A Facebook friend to whom I probably owe an apology for hijacking his conversation has a friend who posted what he calls “10 ways to improve the American Government.”
The list is actually pretty common, similar to emails floating around. It’s mostly a list of “simple” solutions to perceived problems with how the country runs, but simple solutions, in my experience, never work, and this list of simple solutions would set off a cascade of unintended consequences that would very quickly change American life for the worse.
Anyway, I thought I’d run the list here and then respond.
As a general rule, I tend to be wary of “big” changes done all at once — the push to pass a balanced budget amendment is one such move, for example, as are calls to do away with huge chunks of government. People who say the Dept. of Education doesn’t do anything obviously don’t know what it does. People who hate the EPA forget how bad the air was before it was formed. Like them or not, these things form part of the structure of the nation. Take one away, the rest might topple.
I’m still waiting for someone from the Tea Party to call me up and say they’ve followed through on their firm belief that government health care is socialism by taking away their parents’ Medicare cards and taking over all their expenses.:
1. Abolish Political Parties
2. Restore a balance of power between Federal & State Governments.
3. Withdraw from the United Nations
4. Abolish Departments of Education, Labor, Health and Human Services, Housing and Urban Development
5. Eliminate Environmental Protection Agency
6. Forbid Government Employees higher pay, better benefits or greater rights than comparable employees in the private sector(comparable to be determined by other than government employees or their representives).
7. Term Limits
8. Redistricting done by non-governmental/non-political committees.
9. Institute Tort Reform
10. Randomly Execute .5% of practicing lawyers per year (Washington D.C. & NYC 1%) (10. Is to see if you’re paying attention)
And my responses:
1 — Political parties are not in the Constitution, they evolved after George Washington, the first and only president everyone agreed on, left office and a system of selecting among candidates was needed. Parties are a direct off-shoot of the 1st Amendment as well, so doing away with them would be not only unconstutional but a pragmatic impossibility.
2 — Not sure what this means, and I doubt anyone else does either. The states and federal governments have had shifting raltionships for 240 years, and much of what is called an imbalance now is really dissatisfaction with some aspect of policy, not power. Health care is called overreach, but I don’t see the states rejecting highway funds, for example.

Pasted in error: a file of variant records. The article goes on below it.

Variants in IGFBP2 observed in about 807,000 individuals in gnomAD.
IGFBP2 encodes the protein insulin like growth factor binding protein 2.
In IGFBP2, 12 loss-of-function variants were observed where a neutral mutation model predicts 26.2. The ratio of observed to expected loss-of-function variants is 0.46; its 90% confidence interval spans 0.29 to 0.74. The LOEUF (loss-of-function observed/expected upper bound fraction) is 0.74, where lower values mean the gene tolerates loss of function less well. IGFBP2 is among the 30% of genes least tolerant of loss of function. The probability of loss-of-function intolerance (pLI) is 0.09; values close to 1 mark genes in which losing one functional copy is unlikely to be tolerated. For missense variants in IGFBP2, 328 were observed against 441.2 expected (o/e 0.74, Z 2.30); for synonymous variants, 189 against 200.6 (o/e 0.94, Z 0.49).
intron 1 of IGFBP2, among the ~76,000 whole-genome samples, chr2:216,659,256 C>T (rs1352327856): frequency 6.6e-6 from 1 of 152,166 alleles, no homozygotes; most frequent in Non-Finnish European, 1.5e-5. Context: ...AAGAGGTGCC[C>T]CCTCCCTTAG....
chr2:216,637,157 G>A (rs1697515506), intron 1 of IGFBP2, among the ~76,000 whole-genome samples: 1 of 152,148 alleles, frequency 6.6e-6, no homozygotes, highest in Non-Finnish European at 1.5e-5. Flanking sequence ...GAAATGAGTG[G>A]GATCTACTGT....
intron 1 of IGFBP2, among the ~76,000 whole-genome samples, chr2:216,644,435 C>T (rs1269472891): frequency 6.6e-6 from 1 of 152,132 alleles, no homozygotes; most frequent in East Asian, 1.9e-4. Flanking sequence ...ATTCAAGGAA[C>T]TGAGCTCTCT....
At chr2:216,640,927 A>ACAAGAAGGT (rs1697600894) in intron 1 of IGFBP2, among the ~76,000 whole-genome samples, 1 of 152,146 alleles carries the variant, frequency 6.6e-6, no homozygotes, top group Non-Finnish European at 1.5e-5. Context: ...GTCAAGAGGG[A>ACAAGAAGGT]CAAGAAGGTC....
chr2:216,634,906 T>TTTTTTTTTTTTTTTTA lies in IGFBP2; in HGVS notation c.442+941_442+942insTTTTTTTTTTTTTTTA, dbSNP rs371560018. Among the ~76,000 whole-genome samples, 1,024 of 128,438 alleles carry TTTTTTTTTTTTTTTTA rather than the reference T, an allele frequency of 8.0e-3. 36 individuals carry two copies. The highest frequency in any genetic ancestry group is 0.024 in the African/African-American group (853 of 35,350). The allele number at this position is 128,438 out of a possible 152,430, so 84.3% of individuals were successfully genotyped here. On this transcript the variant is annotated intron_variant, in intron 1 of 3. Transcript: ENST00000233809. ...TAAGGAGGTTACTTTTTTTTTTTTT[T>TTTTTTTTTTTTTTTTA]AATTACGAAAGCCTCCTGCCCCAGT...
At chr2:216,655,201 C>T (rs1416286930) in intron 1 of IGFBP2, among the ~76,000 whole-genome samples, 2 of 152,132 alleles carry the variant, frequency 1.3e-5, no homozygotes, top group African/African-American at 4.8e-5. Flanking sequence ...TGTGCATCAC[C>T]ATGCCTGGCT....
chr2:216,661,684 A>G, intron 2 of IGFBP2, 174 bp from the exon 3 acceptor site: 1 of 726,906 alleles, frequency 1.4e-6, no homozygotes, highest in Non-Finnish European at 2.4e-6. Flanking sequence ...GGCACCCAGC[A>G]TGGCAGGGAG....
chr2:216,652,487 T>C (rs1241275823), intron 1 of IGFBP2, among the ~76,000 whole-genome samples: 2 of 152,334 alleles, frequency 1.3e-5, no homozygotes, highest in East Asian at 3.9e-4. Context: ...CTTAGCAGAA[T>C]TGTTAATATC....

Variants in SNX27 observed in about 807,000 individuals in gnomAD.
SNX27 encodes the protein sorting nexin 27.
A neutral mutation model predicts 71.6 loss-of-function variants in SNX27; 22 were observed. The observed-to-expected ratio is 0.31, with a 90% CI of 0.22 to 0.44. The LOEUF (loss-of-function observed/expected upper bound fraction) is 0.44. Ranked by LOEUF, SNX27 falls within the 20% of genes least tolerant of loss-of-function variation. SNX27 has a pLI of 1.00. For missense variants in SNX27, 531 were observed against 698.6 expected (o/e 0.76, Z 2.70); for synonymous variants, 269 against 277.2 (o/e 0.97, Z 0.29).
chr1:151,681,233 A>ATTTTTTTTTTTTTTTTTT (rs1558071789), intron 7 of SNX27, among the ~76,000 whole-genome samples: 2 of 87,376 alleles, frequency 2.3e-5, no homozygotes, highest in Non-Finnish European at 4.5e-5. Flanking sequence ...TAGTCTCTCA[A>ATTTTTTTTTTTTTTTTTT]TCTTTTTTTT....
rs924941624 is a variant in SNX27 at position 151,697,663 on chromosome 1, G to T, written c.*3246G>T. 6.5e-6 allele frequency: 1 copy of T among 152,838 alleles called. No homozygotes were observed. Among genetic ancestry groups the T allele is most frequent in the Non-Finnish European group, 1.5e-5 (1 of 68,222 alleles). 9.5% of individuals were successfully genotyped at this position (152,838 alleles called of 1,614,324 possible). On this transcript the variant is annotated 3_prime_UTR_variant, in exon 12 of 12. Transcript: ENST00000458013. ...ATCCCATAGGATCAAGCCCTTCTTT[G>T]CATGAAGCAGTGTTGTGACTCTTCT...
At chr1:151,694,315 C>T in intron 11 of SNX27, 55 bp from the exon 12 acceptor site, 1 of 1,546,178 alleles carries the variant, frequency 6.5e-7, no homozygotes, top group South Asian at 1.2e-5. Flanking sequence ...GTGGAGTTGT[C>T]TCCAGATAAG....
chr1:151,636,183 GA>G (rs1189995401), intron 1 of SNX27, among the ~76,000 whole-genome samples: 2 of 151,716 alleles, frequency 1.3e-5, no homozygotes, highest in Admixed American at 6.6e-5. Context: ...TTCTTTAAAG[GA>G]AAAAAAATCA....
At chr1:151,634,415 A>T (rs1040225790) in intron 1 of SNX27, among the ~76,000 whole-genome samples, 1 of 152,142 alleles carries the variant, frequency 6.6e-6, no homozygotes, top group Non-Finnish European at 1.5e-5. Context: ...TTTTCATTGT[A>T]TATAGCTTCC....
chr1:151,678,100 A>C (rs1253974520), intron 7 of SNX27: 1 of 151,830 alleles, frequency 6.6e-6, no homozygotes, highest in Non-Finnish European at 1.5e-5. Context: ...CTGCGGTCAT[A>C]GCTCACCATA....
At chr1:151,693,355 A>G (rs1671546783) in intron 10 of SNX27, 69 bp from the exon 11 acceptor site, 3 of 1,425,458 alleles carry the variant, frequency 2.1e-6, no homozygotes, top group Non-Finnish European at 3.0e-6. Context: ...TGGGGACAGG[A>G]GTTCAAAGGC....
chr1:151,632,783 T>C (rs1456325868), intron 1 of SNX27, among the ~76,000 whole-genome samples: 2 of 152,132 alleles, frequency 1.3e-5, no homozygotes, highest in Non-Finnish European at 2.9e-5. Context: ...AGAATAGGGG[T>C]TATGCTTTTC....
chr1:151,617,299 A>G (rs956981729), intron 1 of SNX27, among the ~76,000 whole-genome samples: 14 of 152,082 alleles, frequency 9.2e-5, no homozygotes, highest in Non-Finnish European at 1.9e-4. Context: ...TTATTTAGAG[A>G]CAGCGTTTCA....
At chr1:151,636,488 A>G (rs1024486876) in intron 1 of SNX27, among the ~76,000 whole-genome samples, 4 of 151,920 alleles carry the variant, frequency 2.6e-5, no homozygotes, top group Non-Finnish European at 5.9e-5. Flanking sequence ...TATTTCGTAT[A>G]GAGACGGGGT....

3 — Withdrawing from the UN would make the US more isolationist, less able to control our fate around the world. The days of Teddy Roosevelt’s “big stick” and great white fleet are long gone.
4– All those federal departments were formed to meet specific needs that are responsible for the way our nation functions today. Do away with those departments, the problems they prevent or mitigate will come back. People who say “local can do that job better” forget that, before national departments were formed to work on health, education and all the rest, local governments were in charge of them, and we had a mal-functioning mish-mash, to the detriment of the country as a whole.
For a look at what the US food industry looked like before the US Dept. of Health, for example, read Upton Sinclair’s “The Jungle.” Yuk.
5 — The EPA was formed because corporations were using the nation’s air and water as a toilet, and would quickly do so again if the EPA went away. People who say otherwise, claiming corporations have a financial interest in being good corporate citizens who clean the air and water out of the goodness of their hearts, haven’t been outside lately.
6 – Government employees already tend to be paid less than private industry, and are already subject to the same laws as the rest of us. They’re getting no pay raises this year, for example.
7 – There are days I like Term Limits, mostly out of frustration with Utah’s tendency to keep electing the same bozos term after term just because they’re Republican. However, people have the right to be represented by who they want.
8. Redistricting by non-political groups is a great idea.
9. Tort reform gets talked about a lot, and if there really are abuses they need to be reigned in, but one man’s abuse is another man’s horrible wrong that needs to be righted. Tort Reform tends to be code for “keep big corporations from being sued by little guys.” Most of the examples of abusive or silly lawsuits that you hear about — burglars who sue because they cut their hand breaking into someone’s house – turn out to be urban myths.
10 — Nobody likes lawyers, but everyone has one.